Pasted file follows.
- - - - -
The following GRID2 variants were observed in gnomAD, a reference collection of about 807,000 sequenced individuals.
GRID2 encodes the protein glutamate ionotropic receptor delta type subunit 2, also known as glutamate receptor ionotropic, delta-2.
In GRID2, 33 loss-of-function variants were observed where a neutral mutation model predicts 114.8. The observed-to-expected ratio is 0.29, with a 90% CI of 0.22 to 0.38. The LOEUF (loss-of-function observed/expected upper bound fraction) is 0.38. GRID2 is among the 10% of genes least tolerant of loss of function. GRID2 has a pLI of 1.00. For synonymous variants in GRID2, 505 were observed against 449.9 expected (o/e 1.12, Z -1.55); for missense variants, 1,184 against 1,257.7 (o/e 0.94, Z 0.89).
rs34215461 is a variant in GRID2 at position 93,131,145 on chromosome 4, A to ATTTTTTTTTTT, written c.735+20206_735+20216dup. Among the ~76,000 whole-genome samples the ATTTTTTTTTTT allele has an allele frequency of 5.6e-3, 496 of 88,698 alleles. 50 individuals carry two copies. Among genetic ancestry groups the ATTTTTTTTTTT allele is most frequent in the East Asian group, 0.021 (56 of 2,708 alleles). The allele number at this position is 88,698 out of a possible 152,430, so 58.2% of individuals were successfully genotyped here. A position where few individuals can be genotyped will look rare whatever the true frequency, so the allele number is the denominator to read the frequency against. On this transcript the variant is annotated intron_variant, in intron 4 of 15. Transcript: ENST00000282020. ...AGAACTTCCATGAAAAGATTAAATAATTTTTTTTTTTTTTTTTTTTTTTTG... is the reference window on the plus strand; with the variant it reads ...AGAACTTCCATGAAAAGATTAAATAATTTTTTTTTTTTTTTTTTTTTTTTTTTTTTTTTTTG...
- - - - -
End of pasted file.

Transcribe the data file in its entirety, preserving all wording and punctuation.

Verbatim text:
The following GRID2 variants were observed in gnomAD, a reference collection of about 807,000 sequenced individuals.
GRID2 encodes the protein glutamate ionotropic receptor delta type subunit 2, also known as glutamate receptor ionotropic, delta-2.
In GRID2, 33 loss-of-function variants were observed where a neutral mutation model predicts 114.8. The observed-to-expected ratio is 0.29, with a 90% CI of 0.22 to 0.38. The LOEUF (loss-of-function observed/expected upper bound fraction) is 0.38. GRID2 is among the 10% of genes least tolerant of loss of function. GRID2 has a pLI of 1.00. For synonymous variants in GRID2, 505 were observed against 449.9 expected (o/e 1.12, Z -1.55); for missense variants, 1,184 against 1,257.7 (o/e 0.94, Z 0.89).
rs34215461 is a variant in GRID2 at position 93,131,145 on chromosome 4, A to ATTTTTTTTTTT, written c.735+20206_735+20216dup. Among the ~76,000 whole-genome samples the ATTTTTTTTTTT allele has an allele frequency of 5.6e-3, 496 of 88,698 alleles. 50 individuals carry two copies. Among genetic ancestry groups the ATTTTTTTTTTT allele is most frequent in the East Asian group, 0.021 (56 of 2,708 alleles). The allele number at this position is 88,698 out of a possible 152,430, so 58.2% of individuals were successfully genotyped here. A position where few individuals can be genotyped will look rare whatever the true frequency, so the allele number is the denominator to read the frequency against. On this transcript the variant is annotated intron_variant, in intron 4 of 15. Transcript: ENST00000282020. ...AGAACTTCCATGAAAAGATTAAATAATTTTTTTTTTTTTTTTTTTTTTTTG... is the reference window on the plus strand; with the variant it reads ...AGAACTTCCATGAAAAGATTAAATAATTTTTTTTTTTTTTTTTTTTTTTTTTTTTTTTTTTG...